- Neck Gaiter – Gaiters are a brilliant way to keep your neck warm without having to use a bulky scarf. They can cover both your neck and face at the same time and I LOVE these ones by Kari Traa, a Norwegian brand of high-quality.
Polar Bears in Svalbard (and Why You Must Take a Tour)
Svalbard is one of the world’s last true wildernesses and the inhospitable conditions and months on end of cold darkness mean that few people live on the islands. This has allowed nature to flourish and one of the world’s most dangerous animals on the planet rules Svalbard, the polar bear.
As the world’s largest land-based predator, the king of the Arctic is one of the few animals known to actively hunt humans. During the winter, bears are commonplace on the island with a population of over 3,000 individuals calling the small space home.
This creates far more danger and means that anyone leaving a settlement will need to carry a firearm and flare guns with them to scare any bears that try to get too close away. As you will not be able to carry a firearm with you as a tourist without permission and registration, in order to leave Longyearbyen, you will need to go with a tour to view the northern lights in Spitsbergen.
Another challenge is that there is little infrastructure available on the islands and getting to places away from the northern lights means traveling by all-terrain vehicles and methods of transport.
In this Svalbard northern lights guide, I have highlighted the best tours to take to try and view the lights, each of which utilizes a different method of transport- from warm all-terrain vehicles to dog-powered sleds.
Best Northern Lights Tours in Svalbard
There are several northern lights tours available in Svalbard and each has its own unique selling point which is great for those who are wanting to try out different activities while hunting for the magical lights.
As always, seeing the northern lights is NOT guaranteed and it might be that during your time in Svalbard that you are unable to see them due to weather or low activity during that period. Do not leave a tour company a bad review because the northern lights didn’t come out. Seriously, it’s immature.
However, the below tours combine the hunt of the lights with other activities making for a fun and unique trip, even without seeing the lights.
Northern Lights Dog-Sledding Excursion in Longyearbyen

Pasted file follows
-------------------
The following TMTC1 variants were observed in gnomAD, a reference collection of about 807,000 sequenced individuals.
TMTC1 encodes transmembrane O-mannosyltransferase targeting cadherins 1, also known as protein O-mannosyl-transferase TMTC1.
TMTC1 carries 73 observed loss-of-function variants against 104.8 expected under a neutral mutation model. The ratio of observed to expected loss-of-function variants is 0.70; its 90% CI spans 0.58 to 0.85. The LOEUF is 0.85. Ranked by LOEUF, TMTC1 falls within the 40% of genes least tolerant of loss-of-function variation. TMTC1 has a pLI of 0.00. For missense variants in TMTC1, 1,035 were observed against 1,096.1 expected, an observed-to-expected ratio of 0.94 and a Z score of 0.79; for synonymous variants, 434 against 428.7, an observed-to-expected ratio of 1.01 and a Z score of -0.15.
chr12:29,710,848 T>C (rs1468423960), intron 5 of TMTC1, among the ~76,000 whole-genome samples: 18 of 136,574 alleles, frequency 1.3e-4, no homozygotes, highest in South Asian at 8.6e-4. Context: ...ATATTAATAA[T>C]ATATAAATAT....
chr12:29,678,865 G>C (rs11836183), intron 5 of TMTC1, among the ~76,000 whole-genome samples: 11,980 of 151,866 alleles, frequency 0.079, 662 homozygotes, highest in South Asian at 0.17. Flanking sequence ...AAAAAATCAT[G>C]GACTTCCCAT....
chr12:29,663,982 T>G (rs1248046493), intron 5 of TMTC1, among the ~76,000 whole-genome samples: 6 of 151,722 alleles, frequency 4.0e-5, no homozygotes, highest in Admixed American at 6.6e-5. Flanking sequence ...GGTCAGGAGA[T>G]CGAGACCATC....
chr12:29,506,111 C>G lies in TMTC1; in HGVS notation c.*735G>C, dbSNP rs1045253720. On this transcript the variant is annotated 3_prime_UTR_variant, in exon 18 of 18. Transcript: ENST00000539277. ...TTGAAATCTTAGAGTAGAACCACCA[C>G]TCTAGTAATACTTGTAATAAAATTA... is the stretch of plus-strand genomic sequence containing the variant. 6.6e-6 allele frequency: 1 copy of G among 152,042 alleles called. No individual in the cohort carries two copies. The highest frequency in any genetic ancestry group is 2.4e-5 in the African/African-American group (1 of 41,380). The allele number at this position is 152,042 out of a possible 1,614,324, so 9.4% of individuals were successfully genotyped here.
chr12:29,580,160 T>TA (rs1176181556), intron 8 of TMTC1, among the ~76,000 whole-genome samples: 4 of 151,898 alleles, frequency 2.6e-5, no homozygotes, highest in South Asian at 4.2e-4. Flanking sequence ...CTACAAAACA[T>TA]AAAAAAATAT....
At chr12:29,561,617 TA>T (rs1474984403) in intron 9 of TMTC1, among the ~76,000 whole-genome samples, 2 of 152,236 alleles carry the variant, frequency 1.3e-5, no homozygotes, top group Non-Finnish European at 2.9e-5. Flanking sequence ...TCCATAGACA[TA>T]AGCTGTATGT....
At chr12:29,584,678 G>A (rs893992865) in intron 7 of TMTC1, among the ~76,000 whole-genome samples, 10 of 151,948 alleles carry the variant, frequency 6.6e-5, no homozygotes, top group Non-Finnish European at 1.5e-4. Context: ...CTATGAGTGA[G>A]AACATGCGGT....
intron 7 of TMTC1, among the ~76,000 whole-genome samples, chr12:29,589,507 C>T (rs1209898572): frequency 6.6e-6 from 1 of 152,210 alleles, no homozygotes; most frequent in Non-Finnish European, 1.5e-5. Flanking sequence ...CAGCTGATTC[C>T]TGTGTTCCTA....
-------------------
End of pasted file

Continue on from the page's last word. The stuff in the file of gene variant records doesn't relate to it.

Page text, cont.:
Tour Operator: Green Dog
Season Available: Winter
Headout into the Arctic wilderness with your guide and a trusty pack of dogs. On this relaxing trip, you will dress up in warm clothes and settle down into a comfy, warm sleeping bag on the sled.
Your guide will then lead you and the huskies through the tundra in search of the aurora. As you move along the ice and snow, you will be able to see the northern lights if they decide to show up. The trip is a peaceful way to hunt for the lights as you connect deeper with nature. The tour lasts around 5-6 hours and if the lights come out to play, you will get the opportunity to stop and take photographs.
Northern Lights Snowmobile Trip
Tour Operator: Better Moments Svalbard
Season Available: February – March
The vast and desolate islands of Svalbard are perfect for viewing the northern lights and one of the best ways to get out and see the lights is via snowmobile.
On this awesome tour, you will head out into the Arctic wilds to hunt down the elusive lights. Each trip will be different depending on the conditions that day and the chances of seeing the lights. You will head out into the wild valleys of Svalbard or up the remote glaciers where polar bears rule the land as you hunt down clear patches of sky and wait for the lights you will enjoy the magic of the arctic winter.
After exploring the wilderness and hopefully getting to witness the lights, you will head back to base camp where you will enjoy a three-course meal and warm up from the trip. Each snowmobile can fit two people, a driver and a passenger, and roles can be switched out throughout the journey although, all drivers must hold a valid driving license and have not consumed any alcohol prior to joining the tour.